Genre: Top-Down Shooter
Publisher: Ubi Soft
Developer: Red Storm
Release Date: 11/18/2002
Tom Clancy has had his name all over a little bit of everything lately. From his books, to movies, to video games, almost anything with his moniker attached has become pure gold. The Sum of All Fears movie was quite good, and the PC version of the game was decent, if not a near-complete clone of the Rainbow Six series. The GBA Sum of All Fears is probably the first Tom Clancy game to break the mold and come out as a truly low quality game.
Granted it isn’t entirely the game’s fault, the GBA is a near impossible platform to make a game of this type for. The Sum of All Fears is played from a top down perspective, with you controlling one of four operatives and leading the rest, which in reality amounts to them simply following you and shooting at the bad guys rather than you being able to assign waypoints, tactics, or anything of the sort. Each map is well detailed, with computer monitors, desks, pictures, and various other objects place in every room. The only problem with the map design is most rooms use the same objects over and over, each desk looks like the next and such, which makes each map look much too conforming and downright boring to make it believable. Other things on the screen are a colored picture of your weapon, a colored ammo indicator, and a colored bar beneath the character you control. For those of you that have play any of the Tom Clancy games on PC, you know that in all of the games player health is represented by colors with green being good, yellow being bad, and red being a walking dead type affair. The same style applies to the picture of the weapon and the bar beneath the character; they are color coded to represent the player’s health. The problem is the colors can be very hard to distinguish unless you are in perfect lighting, which can be a big problem. The ammo indicator changes colors depending on how much you have left in your clip, which isn’t really useful at all but doesn’t detract from anything either.
Control in the game is a lesson in pure and total complication, again, not entirely the games fault. To move you use the D-pad, to shoot you press A and to reload you press B. Easy enough so far, but that’s no half of it. To strafe, you hold the L button and press the D-pad. To go into manual aim mode, you have to press L and tap B. To change your kit item (Such as grenades) you press R and A, and to switch characters you press R and B. To open doors or otherwise interact with objects you press L and R. On paper it sounds fine, but in gameplay it’s horrible. Most enemies can see almost as far as you can aim which is a good bit father than you can normally see. To shoot your foes, you either have to maneuver your character into position and fire, getting shot the whole time, or hold L and tap B, then move the overly slow aiming indicator to the enemies feet and fire, getting shot at all the while. Since taking cover is useless, manual aiming is slow, and enemies can see father than you can for the most part, you can expect to get ambushed repeatedly. To help in a small way is a heartbeat sensor, used by pressing Select, which will show a map and any enemies nearby, through walls and all. Very useful to get a heads up on what’s nearby at any given time.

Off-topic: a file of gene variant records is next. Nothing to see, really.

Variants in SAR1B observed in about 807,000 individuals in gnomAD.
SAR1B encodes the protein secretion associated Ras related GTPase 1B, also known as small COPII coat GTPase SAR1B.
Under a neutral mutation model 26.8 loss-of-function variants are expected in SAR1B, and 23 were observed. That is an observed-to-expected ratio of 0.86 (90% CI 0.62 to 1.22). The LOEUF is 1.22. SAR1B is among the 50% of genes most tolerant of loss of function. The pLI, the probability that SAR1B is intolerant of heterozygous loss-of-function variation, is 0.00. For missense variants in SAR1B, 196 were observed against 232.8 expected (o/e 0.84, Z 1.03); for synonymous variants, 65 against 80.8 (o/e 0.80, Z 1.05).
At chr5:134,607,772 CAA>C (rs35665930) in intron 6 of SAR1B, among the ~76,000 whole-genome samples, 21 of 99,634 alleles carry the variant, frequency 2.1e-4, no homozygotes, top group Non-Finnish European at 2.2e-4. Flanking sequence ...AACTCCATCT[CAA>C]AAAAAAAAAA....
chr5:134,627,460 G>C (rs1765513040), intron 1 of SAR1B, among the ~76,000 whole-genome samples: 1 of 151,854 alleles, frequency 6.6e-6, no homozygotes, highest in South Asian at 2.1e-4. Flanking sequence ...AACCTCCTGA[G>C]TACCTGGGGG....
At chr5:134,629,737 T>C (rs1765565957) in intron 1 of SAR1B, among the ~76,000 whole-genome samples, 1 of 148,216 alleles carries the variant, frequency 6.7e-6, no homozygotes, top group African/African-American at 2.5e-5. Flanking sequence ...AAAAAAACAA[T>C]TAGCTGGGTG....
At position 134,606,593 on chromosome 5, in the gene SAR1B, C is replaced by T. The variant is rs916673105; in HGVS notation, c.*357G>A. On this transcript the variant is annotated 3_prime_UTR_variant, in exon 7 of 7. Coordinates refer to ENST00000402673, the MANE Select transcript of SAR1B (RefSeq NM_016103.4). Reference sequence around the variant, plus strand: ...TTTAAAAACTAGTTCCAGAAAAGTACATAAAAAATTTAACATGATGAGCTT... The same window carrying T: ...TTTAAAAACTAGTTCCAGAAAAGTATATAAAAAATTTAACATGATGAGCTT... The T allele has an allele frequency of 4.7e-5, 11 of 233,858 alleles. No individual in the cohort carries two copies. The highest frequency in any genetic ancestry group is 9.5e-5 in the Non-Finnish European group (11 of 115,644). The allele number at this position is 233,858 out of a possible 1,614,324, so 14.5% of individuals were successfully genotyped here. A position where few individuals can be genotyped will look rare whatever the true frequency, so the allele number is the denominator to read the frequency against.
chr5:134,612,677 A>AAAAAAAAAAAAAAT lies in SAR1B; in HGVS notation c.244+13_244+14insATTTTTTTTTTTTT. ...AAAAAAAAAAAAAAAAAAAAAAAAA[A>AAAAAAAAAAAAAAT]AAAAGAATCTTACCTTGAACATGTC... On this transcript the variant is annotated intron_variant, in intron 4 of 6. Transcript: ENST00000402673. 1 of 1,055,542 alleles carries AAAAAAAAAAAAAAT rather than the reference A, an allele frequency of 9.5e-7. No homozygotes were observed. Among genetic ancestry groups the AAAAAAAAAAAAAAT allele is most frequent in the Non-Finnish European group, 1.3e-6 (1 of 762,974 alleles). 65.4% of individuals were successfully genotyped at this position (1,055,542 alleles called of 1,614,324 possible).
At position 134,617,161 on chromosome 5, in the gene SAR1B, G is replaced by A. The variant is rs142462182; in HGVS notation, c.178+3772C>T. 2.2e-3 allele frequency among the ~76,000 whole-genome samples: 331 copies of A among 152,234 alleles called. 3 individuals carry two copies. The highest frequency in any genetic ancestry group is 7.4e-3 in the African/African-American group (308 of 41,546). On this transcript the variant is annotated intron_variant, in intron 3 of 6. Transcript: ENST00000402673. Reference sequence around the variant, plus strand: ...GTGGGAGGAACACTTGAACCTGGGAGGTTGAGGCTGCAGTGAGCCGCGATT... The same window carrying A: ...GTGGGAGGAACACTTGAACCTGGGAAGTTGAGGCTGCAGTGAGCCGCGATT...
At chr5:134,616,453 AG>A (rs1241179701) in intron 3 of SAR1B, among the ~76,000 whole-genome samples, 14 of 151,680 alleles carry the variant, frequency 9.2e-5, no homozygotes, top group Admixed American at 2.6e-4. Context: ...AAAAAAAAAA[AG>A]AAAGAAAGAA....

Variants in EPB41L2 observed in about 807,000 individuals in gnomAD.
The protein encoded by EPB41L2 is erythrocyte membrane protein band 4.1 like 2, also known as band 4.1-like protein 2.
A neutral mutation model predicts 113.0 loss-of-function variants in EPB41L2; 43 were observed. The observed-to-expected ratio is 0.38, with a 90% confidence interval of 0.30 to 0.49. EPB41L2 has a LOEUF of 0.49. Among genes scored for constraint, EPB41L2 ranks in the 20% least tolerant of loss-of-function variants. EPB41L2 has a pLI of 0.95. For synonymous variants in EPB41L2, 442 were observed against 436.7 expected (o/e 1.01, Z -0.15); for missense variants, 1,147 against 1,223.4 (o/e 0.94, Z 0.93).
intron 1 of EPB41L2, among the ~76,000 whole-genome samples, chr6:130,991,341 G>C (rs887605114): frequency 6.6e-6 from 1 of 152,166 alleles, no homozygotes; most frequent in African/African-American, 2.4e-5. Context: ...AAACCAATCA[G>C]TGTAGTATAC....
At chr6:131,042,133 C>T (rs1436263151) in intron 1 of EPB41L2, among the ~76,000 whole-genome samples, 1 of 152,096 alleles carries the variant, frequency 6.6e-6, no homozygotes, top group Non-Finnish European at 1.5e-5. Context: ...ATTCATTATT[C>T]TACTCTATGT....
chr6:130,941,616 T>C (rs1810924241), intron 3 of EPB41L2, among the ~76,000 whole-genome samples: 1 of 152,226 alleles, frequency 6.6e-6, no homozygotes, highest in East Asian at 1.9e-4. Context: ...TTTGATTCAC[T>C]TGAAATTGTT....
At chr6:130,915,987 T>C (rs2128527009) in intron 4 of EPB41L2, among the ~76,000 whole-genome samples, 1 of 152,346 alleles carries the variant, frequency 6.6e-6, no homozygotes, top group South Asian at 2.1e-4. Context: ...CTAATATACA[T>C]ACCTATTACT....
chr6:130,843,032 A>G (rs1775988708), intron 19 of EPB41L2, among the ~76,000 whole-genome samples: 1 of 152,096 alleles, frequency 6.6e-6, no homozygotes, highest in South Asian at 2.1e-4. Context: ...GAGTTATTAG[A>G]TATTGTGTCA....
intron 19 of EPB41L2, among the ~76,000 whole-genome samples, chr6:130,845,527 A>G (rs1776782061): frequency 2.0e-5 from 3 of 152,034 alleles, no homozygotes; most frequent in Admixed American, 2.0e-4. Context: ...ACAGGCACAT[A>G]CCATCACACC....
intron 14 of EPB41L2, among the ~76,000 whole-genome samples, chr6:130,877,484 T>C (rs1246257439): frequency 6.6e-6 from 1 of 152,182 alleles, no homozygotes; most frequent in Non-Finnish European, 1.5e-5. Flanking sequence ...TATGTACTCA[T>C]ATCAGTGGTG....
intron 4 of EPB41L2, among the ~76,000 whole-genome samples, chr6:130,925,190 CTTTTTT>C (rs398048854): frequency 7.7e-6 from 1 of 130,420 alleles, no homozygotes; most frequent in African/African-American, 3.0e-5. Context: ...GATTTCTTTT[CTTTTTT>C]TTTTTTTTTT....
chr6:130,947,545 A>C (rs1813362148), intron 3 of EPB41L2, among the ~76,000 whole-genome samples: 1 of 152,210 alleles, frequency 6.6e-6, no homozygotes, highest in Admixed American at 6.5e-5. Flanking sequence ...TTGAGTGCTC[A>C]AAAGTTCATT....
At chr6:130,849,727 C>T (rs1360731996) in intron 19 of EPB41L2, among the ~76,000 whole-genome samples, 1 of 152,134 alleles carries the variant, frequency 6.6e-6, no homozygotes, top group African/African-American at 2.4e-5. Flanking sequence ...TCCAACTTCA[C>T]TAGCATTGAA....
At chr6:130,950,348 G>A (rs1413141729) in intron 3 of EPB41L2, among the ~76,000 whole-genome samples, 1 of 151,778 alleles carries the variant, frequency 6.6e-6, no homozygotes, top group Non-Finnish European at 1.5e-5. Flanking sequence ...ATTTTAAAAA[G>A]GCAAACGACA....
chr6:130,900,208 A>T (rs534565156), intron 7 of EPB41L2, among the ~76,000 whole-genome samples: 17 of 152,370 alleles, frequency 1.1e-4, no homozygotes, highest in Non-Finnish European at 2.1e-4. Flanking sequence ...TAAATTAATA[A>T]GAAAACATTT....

Graphically the game is disappointing on most fronts. While the HUD is decent even with the color problems, the characters in the game all look like ambiguous black blobs holding black lines. However, the characters are very well animated and whenever the characters fire, reload, interact with objects, or fall over wounded it all looks very smooth. Also, you simply cannot see far enough, if you are in a medium sized room you more often than not wont be able to see the opposing wall, or anything that may be near it. The only way you can check long distance is either by manually aiming which allows you to move the screen a good ways or by using the heartbeat sensor, both of which leave you vulnerable to getting shot at.
The sound in the game is sub par, even for the GBA. The firing sounds are out of sync with the animations, and even the ammo indicator, you can fire twice, your ammo indicator will do down one, and it sounds like you unloaded a quarter of a clip. Music in the game is almost non-existent, and when it does play it is nearly too soft to hear even at full volume. Sound effects in the game are of decent volume, but lack any force. When weapons fire the sound that plays totally lacks any oomph, as if the people in the game were firing dime-store cap guns. When characters get shot and die they moan and grunt which sounds thankfully decent, since you will be hearing them a lot. The only upside to the sound is the various radio messages, which actually sound like a human being is speaking through a radio.
Overall, The Sum of All Fears GBA is a good idea placed on the wrong platform. A console would have been a much better choice for this style of play due to its higher resolution to allow for more detail and a larger screen size, and more buttons to assign to actions rather than remembering complication combinations of buttons in the heat of battle. As it is, The Sum of All Fears GBA is a lesson on how some games just don’t work. There are many other Tom Clancy games out there, and all of them are more deserving of your time.